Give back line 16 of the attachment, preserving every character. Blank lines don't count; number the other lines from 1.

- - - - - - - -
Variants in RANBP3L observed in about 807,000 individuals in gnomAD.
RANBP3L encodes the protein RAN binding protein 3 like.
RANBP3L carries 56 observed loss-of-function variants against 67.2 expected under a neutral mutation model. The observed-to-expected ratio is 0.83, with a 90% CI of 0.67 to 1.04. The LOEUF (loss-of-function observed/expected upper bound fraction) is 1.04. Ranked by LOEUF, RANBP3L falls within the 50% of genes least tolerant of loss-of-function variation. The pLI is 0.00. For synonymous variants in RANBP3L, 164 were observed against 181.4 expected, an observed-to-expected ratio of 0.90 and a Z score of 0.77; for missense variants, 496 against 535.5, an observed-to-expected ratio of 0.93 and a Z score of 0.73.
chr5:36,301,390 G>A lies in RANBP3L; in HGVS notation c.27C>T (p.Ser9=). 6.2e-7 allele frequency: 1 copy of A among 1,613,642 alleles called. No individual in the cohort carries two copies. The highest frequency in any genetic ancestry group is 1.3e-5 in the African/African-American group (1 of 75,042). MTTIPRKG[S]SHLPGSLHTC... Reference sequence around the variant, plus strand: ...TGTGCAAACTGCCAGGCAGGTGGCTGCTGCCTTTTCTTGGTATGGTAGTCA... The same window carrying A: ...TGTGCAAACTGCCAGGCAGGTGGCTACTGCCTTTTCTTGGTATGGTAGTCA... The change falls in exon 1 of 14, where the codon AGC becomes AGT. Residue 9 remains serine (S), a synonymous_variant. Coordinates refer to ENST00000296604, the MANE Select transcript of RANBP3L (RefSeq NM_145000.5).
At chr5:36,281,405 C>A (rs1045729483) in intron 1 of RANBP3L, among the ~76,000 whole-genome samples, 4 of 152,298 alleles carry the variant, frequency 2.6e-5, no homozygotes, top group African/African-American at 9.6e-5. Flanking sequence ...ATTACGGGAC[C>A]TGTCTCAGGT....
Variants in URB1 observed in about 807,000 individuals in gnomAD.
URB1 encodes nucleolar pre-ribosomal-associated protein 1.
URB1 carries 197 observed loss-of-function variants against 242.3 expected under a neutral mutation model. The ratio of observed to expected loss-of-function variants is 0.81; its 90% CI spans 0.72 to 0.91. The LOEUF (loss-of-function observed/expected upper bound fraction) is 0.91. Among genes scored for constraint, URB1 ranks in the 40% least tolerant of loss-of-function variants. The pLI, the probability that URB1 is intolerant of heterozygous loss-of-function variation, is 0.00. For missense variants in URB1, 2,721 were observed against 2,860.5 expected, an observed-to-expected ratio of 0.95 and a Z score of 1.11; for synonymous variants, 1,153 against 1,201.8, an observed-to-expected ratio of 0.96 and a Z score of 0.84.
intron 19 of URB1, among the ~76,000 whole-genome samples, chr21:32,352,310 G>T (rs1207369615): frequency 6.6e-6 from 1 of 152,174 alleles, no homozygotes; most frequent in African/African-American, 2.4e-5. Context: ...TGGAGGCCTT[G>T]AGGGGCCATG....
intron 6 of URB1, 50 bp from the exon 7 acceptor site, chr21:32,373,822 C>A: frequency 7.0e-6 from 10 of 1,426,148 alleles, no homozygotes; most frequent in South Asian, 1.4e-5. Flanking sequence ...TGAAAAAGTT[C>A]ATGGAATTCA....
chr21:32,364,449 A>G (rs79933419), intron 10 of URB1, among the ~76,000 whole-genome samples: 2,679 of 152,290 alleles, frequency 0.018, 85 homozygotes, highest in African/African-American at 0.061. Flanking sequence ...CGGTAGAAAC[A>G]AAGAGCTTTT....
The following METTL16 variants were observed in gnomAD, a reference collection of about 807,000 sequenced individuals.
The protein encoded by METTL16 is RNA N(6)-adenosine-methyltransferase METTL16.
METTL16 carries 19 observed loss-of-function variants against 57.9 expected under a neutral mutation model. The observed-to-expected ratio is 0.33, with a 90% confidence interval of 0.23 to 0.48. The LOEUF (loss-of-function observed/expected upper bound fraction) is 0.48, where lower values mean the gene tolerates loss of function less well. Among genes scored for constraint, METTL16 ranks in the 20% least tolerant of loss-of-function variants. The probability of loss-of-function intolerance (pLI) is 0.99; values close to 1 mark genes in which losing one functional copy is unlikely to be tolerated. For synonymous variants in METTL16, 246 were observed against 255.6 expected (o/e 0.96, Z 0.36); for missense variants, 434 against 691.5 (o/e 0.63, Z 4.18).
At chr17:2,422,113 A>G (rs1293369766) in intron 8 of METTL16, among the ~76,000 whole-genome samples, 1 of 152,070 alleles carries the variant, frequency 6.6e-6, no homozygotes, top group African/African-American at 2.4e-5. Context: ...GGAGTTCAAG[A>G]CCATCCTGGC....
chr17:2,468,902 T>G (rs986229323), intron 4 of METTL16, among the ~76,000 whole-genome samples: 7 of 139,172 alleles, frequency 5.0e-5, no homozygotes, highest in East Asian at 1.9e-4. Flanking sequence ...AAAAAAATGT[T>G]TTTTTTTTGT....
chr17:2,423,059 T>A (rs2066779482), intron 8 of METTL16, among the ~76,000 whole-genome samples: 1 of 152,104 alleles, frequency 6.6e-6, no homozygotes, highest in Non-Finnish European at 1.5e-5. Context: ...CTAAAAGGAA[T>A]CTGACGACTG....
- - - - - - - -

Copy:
chr17:2,468,902 T>G (rs986229323), intron 4 of METTL16, among the ~76,000 whole-genome samples: 7 of 139,172 alleles, frequency 5.0e-5, no homozygotes, highest in East Asian at 1.9e-4. Flanking sequence ...AAAAAAATGT[T>G]TTTTTTTTGT....